5 Crime-Prevention Tips from Police for HOA Board Members

Tips straight from police to help neighborhoods prevent crime.

While thinking about neighborhood safety may come naturally to you and the members of your HOA board, it can be difficult to get fellow residents to follow safety rules the board has set in place.

If you’re having trouble convincing your neighbors that security should be a priority for all residents, consider passing on tips police have provided to help neighborhoods prevent crime.

Here are 5 crime-prevention tips from a Metro Atlanta Crime Prevention Officer. 


1. Surveil Your Own Home

One of the most efficient ways to keep your home safe is to get into the mind of a burglar. Casing is a term that describes the way a burglar surveils a home, looking for patterns and determining the best times to enter a home when the homeowner is away.

Although most property crimes occur between the hours of 10 am and 3 pm while homeowners are away for the day, try casing your own home both at night and during the day. Attempt to gain access to your home when all doors and windows are locked. If you've found a point of weakness around your house, it's more than likely a burglar will as well.

Many law enforcement agencies offer free home security assessments for their residents. Check out your local police department's website for this type of service.

Make sure to let your neighbors know you'll be conducting this experiment so they don't accidentally report you to your local police.

2. Lock Up

The four most common points of entry for burglars are the front door, a window on the first floor, the back door, and the garage. Each of these entryways can be locked.

French doors and carport doors are known target locations for burglars, so make sure to fortify these areas. Most windows have locking devices, but consider a secondary locking feature utilizing window security pins. You can find these at your local hardware store.

Ask residents to make a habit of keeping doors and windows locked not just when they're away for the day, but also whenever they're at home. Police have seen cases where burglars have walked right into a house and gotten away with valuables when a homeowner was in their own backyard with the front door unlocked. Valuable jewelry pieces should not be displayed on your dresser.

Burglars know they don’t have a lot of time to gain entry into a home. If they try a few different points of entry and each of them are locked, it's likely they won't keep trying. By keeping doors and windows locked, you’re making your home less of a target for burglars.

Also, be mindful of vegetation that can conceal your home from the street. Burglars feel more comfortable breaking into a home that is hidden and concealed by large trees and shrubs. Trim dense shrubs at two feet or less, and trim tree canopies at six feet or higher. This creates a line of sight for your neighbors and police if they happen to drive by your residence.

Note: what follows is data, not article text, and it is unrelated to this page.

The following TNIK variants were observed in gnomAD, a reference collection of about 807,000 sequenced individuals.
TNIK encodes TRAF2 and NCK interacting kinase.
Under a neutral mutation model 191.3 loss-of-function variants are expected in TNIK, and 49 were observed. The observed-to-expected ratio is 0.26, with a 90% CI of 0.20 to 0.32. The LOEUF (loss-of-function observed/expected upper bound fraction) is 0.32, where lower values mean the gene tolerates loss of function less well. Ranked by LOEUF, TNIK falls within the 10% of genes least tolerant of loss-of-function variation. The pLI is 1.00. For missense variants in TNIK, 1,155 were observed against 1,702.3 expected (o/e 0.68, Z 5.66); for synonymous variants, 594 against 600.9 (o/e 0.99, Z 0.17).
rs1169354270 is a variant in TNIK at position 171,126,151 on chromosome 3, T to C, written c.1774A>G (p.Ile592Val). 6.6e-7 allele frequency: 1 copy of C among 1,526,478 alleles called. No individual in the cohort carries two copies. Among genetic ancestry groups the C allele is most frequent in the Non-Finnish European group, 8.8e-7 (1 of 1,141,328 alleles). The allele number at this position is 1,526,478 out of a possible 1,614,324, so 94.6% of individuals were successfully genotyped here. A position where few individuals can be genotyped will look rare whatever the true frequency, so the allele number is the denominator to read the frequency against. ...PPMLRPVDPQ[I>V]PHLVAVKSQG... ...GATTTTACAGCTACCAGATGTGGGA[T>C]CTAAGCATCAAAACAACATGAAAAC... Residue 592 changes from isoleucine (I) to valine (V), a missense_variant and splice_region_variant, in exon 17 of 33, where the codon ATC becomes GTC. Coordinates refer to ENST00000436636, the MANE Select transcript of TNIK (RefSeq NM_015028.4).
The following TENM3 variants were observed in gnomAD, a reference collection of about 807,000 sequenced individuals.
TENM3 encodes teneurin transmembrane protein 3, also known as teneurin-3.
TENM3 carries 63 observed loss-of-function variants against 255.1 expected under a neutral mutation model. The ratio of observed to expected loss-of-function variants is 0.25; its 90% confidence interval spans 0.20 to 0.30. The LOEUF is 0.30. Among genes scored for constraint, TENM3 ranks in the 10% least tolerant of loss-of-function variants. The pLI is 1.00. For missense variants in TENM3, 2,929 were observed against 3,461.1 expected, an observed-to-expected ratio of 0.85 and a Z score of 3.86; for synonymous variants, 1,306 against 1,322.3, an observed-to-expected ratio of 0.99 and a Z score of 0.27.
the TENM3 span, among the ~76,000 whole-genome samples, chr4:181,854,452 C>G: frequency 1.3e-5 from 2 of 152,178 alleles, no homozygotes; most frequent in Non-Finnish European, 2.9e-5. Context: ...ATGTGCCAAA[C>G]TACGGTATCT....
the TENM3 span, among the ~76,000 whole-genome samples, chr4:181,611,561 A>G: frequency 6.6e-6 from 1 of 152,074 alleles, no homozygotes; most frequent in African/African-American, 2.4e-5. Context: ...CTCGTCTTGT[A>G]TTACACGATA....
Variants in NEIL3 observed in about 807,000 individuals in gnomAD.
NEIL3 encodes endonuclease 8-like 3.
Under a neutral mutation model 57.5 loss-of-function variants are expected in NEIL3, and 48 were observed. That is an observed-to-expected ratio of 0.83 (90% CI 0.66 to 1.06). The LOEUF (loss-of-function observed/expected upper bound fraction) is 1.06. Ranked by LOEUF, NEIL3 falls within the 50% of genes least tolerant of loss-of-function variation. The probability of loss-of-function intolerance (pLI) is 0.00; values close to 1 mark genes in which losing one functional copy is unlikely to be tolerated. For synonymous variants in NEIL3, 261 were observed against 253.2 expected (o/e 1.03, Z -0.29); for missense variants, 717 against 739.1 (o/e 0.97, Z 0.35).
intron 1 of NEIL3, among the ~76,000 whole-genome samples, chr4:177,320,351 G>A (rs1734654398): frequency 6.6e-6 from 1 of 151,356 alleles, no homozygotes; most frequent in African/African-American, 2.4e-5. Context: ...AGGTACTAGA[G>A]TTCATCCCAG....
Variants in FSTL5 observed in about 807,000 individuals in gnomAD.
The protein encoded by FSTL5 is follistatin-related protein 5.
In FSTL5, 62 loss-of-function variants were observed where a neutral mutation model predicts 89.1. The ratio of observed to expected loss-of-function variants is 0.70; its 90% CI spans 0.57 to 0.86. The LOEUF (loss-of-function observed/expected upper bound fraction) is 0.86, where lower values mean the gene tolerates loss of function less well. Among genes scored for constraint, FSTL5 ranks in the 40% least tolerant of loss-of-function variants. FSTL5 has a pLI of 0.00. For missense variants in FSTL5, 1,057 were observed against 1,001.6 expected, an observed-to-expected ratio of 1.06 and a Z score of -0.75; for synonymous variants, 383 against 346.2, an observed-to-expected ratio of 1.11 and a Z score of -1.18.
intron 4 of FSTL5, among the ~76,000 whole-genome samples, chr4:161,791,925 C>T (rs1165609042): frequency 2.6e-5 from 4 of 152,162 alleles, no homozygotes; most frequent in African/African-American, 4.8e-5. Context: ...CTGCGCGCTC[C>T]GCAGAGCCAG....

3. Maintain a Relationship with Your Local Police Department

Many local law enforcement agencies have a department or person dedicated to their local community. Call up your local station and ask for their community liaison. Most likely, this liaison will be more than happy to come to an HOA meeting to speak with residents about safety tips.

Many police departments also offer educational and volunteer opportunity programs for citizens to learn more about safety and security. Examples include citizen's police academies or citizens on patrol programs. Popular programs like citizens on patrol allow citizens, who have received advanced training, the opportunity to assist at traffic accident scenes. Citizens can direct traffic in several ways. They can assist Public Works at work sites, participate in traffic control at public events, and even conduct checks on residences and businesses when owners are out of town.

4. Keep Up on Crime Trends

Take advantage of the relationship with your local police department to stay up-to-date on current crime trends in communities around you. Your local police will have more insight into when residents should be extra vigilant — like during the holidays, when package-stealing becomes more prevalent. You can also do your own crime trend research online. Police recommend Crime Reports.

5. Don't Wait

Save yourself the heartache of thinking about what could have been by acting sooner rather than later. Don't wait for crime to show up on your doorstep before taking safety precautions in your neighborhood.

Following this mindset, don't wait for someone else to speak up first if you see something that seems out of place. Police stress to residents that speaking up, even if they think the information they have is not valuable, helps police fulfill their duty to protect the community.

Remember, good security should be an inconvenience for anyone who attempts to enter your home or property.

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